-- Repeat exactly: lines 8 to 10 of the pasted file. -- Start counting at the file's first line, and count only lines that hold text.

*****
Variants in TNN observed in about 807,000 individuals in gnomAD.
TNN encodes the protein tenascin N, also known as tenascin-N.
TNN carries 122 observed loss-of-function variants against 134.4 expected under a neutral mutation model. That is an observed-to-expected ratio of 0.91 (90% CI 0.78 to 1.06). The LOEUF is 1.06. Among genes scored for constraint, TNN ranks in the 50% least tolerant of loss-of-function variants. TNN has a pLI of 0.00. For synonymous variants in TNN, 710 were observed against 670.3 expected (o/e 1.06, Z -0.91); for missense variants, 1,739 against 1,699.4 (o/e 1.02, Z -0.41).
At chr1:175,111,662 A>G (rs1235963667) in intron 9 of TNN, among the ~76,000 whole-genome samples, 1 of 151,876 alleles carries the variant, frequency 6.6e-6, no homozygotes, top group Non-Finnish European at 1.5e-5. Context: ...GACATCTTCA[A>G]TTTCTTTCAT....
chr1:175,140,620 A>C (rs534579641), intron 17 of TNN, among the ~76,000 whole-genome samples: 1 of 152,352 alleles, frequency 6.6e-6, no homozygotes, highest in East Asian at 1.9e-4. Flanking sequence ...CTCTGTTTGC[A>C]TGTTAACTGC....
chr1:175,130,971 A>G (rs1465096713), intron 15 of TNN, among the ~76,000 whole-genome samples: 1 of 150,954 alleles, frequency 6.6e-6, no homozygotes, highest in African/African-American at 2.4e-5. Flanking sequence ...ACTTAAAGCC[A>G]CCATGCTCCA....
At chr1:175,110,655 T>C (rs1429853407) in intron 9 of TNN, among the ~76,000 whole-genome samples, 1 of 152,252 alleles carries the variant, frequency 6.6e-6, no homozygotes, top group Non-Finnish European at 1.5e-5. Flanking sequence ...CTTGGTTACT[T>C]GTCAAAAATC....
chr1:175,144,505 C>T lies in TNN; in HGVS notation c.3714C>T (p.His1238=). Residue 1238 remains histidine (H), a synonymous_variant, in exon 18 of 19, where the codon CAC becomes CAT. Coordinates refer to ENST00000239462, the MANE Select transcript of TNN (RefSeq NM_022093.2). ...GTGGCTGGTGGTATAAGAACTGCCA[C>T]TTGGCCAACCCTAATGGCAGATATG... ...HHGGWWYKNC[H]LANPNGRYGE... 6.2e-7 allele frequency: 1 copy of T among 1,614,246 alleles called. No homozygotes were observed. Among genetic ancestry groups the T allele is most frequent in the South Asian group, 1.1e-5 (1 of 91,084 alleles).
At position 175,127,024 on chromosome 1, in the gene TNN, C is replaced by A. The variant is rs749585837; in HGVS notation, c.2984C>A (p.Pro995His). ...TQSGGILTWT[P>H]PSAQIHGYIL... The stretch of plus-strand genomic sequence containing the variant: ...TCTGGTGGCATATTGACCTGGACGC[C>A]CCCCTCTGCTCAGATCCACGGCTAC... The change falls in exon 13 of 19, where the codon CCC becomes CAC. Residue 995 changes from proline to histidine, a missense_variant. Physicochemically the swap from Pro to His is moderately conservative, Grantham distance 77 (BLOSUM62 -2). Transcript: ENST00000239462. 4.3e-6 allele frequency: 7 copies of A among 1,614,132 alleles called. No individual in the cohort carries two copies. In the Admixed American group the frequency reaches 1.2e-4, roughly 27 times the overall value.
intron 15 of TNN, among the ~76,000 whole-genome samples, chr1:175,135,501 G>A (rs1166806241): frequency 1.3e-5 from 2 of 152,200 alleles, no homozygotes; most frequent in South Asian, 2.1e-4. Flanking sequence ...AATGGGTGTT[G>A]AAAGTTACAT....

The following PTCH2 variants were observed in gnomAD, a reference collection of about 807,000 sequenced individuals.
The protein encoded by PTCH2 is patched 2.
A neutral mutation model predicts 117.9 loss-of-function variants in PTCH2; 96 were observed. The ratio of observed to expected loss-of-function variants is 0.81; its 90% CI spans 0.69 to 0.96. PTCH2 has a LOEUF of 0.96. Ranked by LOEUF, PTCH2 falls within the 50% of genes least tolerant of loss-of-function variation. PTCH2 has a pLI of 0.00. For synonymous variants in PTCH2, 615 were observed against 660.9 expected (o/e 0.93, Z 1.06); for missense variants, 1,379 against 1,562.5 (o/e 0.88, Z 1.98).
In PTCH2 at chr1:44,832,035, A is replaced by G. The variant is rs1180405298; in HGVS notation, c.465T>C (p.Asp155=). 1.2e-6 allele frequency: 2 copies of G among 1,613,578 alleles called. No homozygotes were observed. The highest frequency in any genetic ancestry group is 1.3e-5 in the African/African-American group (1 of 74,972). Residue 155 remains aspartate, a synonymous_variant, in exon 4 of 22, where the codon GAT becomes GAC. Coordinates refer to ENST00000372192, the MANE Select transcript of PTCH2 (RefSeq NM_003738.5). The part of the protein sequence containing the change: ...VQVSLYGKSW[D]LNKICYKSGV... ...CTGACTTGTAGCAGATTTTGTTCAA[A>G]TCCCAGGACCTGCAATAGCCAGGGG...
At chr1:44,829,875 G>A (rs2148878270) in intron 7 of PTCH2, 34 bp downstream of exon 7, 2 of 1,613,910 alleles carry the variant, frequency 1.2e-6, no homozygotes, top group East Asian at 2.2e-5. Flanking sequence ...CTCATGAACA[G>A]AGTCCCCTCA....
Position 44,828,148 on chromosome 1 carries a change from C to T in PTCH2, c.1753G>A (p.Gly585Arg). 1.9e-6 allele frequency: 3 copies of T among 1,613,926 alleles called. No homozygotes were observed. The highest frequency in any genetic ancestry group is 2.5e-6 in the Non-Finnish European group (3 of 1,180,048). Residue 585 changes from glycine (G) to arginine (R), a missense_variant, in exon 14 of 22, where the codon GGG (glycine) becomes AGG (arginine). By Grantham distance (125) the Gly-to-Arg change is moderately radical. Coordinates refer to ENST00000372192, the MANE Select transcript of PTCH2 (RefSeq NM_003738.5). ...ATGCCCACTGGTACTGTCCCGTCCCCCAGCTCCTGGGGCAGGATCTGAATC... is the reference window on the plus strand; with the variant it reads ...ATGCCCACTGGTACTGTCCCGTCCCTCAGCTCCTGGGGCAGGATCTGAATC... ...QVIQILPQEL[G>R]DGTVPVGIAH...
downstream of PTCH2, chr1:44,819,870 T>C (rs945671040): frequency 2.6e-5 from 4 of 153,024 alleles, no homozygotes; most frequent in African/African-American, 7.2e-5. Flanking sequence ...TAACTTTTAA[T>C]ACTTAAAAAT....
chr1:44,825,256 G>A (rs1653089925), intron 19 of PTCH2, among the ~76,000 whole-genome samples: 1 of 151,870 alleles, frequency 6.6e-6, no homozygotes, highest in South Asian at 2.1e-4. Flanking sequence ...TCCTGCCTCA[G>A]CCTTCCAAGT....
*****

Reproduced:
chr1:175,144,505 C>T lies in TNN; in HGVS notation c.3714C>T (p.His1238=). Residue 1238 remains histidine (H), a synonymous_variant, in exon 18 of 19, where the codon CAC becomes CAT. Coordinates refer to ENST00000239462, the MANE Select transcript of TNN (RefSeq NM_022093.2). ...GTGGCTGGTGGTATAAGAACTGCCA[C>T]TTGGCCAACCCTAATGGCAGATATG... ...HHGGWWYKNC[H]LANPNGRYGE... 6.2e-7 allele frequency: 1 copy of T among 1,614,246 alleles called. No homozygotes were observed. Among genetic ancestry groups the T allele is most frequent in the South Asian group, 1.1e-5 (1 of 91,084 alleles).
At position 175,127,024 on chromosome 1, in the gene TNN, C is replaced by A. The variant is rs749585837; in HGVS notation, c.2984C>A (p.Pro995His). ...TQSGGILTWT[P>H]PSAQIHGYIL... The stretch of plus-strand genomic sequence containing the variant: ...TCTGGTGGCATATTGACCTGGACGC[C>A]CCCCTCTGCTCAGATCCACGGCTAC... The change falls in exon 13 of 19, where the codon CCC becomes CAC. Residue 995 changes from proline to histidine, a missense_variant. Physicochemically the swap from Pro to His is moderately conservative, Grantham distance 77 (BLOSUM62 -2). Transcript: ENST00000239462. 4.3e-6 allele frequency: 7 copies of A among 1,614,132 alleles called. No individual in the cohort carries two copies. In the Admixed American group the frequency reaches 1.2e-4, roughly 27 times the overall value.
intron 15 of TNN, among the ~76,000 whole-genome samples, chr1:175,135,501 G>A (rs1166806241): frequency 1.3e-5 from 2 of 152,200 alleles, no homozygotes; most frequent in South Asian, 2.1e-4. Flanking sequence ...AATGGGTGTT[G>A]AAAGTTACAT....